In the autumn of 2017, Pakistan entered a new era. Sarfraz Ahmed, captain of recently-crowned Champions Trophy winning side, was to begin his UAE journey as his team's Test skipper. His predecessor, Misbah-ul-Haq, had started his own Test journey here too — in the aftermath of a scandal that rocked world cricket, and after four years without a series win — and came out of that as an underappreciated great.
Sarfraz and his cohort had a decade of experience and a ready-made template to fall back on. Pakistan were finally going back to their roots - of aggression and passion rather than the officious logic of the MisYou (Misbah-ul-Haq and Younis Khan) era. It was time to build on the foundation laid by the old wise men of Pakistan cricket.
Thirteen months on, Pakistan are in an identity crisis. Not in white-ball cricket, of course, where even in their pitfalls it's easy to see what they are trying to achieve. Their revolution in the shorter formats has been somewhat successful, even with a disastrous Asia Cup, but in the red-ball game it truly does feel like we have our Pakistan back: the Pakistan that enters every day, nay, every session not knowing how it will end up.
They know that Yasir Shah and Mohammad Abbas will take wickets, but unless Azhar Ali scores big, can they compete with anyone? Or to put it another way, Pakistan know that their bowlers will get 20 wickets more often than not, but they don't know if they can rely upon anyone apart from their best batsman. That's a sentence you could have written any time in the past five decades.
Sarfraz's journey began with Pakistan failing to chase down 136 against Sri Lanka last year — the lowest fourth innings target they've ever faced in a match that ended up in a loss. At the time, it seemed like an anomaly — they were run over by Rangana Herath, there was nothing to worry about, this stuff happens sometimes. And then they ended up losing that series after being dominated in the second Test.
At the beginning of that series, Pakistan owned the longest unbeaten "home" streak in world cricket. A home that wasn't even their home was a fortress that had not been breached in the decade when every other country had lost a home series. Of course, it was taken for granted by the local cricket establishment, as home records tend to be. So, the new generation would come in, play an attractive, marketable brand of cricket, and improve the team.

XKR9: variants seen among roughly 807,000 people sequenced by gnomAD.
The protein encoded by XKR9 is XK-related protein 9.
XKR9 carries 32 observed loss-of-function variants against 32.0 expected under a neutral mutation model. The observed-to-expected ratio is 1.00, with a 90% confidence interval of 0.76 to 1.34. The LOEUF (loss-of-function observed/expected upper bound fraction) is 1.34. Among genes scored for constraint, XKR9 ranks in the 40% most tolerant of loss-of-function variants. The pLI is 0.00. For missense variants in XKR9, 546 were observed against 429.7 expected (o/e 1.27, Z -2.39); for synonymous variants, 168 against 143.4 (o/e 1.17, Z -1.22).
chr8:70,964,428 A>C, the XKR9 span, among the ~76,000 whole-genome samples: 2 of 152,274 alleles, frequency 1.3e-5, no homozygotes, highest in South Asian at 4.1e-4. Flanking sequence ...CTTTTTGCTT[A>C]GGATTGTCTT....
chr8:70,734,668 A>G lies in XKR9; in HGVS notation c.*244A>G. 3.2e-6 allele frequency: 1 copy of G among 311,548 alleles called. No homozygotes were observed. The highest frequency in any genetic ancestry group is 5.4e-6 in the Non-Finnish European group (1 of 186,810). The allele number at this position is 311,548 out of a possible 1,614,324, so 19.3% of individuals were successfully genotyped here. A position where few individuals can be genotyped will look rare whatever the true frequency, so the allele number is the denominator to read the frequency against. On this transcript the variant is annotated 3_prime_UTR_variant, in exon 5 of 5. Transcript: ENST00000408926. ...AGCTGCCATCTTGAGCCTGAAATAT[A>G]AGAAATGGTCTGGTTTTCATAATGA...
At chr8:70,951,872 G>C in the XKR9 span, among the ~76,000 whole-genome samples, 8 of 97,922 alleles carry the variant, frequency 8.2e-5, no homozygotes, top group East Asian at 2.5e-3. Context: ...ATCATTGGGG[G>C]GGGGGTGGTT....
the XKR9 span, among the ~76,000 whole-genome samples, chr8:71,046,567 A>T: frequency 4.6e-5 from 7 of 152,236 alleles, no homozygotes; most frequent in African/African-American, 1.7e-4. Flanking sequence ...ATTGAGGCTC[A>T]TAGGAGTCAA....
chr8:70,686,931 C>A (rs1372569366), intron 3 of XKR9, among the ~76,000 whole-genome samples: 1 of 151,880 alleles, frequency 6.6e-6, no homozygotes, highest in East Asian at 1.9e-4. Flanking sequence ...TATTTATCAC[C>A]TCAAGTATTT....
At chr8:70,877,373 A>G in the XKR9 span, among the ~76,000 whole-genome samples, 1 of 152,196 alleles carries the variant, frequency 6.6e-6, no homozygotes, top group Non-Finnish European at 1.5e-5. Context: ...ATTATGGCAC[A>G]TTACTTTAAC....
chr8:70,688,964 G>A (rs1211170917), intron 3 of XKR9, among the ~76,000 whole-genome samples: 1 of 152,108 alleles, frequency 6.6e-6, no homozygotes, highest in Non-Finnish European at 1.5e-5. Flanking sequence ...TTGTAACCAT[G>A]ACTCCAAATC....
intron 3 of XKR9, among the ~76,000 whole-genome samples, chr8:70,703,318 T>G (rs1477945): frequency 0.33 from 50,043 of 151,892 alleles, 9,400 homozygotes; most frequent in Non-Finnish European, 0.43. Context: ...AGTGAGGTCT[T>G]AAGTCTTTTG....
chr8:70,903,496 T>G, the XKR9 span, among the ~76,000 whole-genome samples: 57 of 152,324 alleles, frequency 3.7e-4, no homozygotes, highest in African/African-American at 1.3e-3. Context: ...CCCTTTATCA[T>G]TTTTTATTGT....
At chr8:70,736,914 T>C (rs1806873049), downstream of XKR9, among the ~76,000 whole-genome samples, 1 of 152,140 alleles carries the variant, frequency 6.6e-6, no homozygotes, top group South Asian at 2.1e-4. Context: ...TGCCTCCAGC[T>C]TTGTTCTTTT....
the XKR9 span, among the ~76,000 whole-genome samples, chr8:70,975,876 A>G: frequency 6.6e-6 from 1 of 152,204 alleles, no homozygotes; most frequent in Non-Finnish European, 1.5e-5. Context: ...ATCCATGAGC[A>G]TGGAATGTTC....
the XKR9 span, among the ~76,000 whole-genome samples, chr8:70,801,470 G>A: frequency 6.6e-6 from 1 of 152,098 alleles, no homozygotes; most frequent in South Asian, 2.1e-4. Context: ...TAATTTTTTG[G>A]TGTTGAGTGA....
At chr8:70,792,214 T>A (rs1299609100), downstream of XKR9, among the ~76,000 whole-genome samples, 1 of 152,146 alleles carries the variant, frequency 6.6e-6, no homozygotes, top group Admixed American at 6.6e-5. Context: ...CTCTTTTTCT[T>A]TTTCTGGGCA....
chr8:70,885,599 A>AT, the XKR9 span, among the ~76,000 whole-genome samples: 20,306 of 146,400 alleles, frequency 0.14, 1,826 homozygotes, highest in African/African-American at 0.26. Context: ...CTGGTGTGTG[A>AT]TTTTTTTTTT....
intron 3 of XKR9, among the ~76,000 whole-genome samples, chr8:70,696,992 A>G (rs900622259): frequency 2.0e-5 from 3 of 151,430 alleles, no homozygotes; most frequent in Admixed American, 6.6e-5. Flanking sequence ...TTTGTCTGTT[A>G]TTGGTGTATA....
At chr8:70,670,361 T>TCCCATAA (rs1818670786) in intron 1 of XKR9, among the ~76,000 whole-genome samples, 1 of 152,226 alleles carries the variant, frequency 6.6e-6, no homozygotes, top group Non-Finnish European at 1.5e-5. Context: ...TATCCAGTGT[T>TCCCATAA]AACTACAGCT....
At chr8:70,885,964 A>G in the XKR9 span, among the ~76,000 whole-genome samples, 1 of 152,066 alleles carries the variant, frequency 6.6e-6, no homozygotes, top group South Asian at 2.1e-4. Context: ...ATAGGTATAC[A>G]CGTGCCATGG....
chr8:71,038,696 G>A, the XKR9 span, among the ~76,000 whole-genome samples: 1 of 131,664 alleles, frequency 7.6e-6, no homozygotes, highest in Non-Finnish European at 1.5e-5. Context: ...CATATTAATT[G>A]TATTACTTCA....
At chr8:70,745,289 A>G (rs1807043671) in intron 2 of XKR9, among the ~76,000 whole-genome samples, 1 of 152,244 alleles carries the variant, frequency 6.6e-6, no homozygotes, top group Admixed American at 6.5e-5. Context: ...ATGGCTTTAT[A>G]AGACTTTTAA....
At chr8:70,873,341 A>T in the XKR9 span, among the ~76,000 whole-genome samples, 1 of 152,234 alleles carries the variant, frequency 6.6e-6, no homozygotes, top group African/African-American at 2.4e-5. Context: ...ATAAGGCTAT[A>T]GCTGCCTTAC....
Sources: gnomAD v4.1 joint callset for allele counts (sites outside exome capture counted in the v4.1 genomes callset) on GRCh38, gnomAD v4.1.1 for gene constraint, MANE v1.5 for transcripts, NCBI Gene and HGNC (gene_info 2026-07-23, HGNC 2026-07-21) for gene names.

Instead Pakistan have gone back to the old days in other ways. The run rate may not have changed much from the MisYou era, but the results have. Pakistan have now won just 2 of their 7 Tests under Sarfraz's leadership in the UAE and the worrying thing for them has been that their poor record is mostly due to their own inability to step up in big moments.
Whereas, the MisYou era, at least in the UAE, was defined by newbies stepping up in big moments — from Azhar Ali and Shan Masood being the star of two 300+ fourth innings chases to the sustained excellence of Yasir Shah so early on in his international career — the following year or so has been defined by their inability to drive home their advantage. Now against New Zealand, in their first "home" series loss to them in nearly 50 years, they frittered away advantages that could so easily have led to a clean sweep. 29 to win with six wickets in hand in the first Test, 286-3 in response to 274 all out in the third Test, and yet both those situations ended up in a loss for them! It turns out, we truly are back to the old days of Pakistan, the bad old days that is.
From the autumn of 1995 (when they lost their first home series in over a decade) till the autumn of 2010 (when the MisYou era began), Pakistan lost more home series than they won. Just between 1995 and 2004, an era often romanticized due to rockstar players, they lost historic home series to each of Sri Lanka, South Africa, Australia, Zimbabwe, England and India. Pakistan had an almost identical record at home as they did away — they were an inconsistent team which would lose as often as they would win, regardless of where the Tests took place.
And that's where Pakistan seem to be right now, after a Test win in Ireland, a drawn series in England and a series win in the desert against Australia, it had seemed like things were on the right track, that the Sri Lanka series was an anomaly, but New Zealand have sent them crashing back down. They can take solace in the fact that in both those series they have been dismantled by true greats — Herath in the Sri Lanka series, and Kane Williamson in Abu Dhabi — but they had seen plenty of greats in the decade prior to this and had been able to come out of it unscathed. Not anymore. The Sri Lanka series wasn't the anomaly, the decade of excellence was.
The post-mortem will now begin. Sarfraz's own shaky grasp over his captaincy will be questioned, Inzamam-ul-Haq and Mickey Arthur's continued favoritism will come under the microscope and paeans will be written for the eras past as they always are. What happens now is anyone's guess. The good news for Pakistan is that they don't have to face much pressure in the coming months: all they have is a tour to South Africa and a World Cup to prepare for. Thus, as the time honoured tradition of Pakistani cricket, it's time to play the game, "how much worse can it get".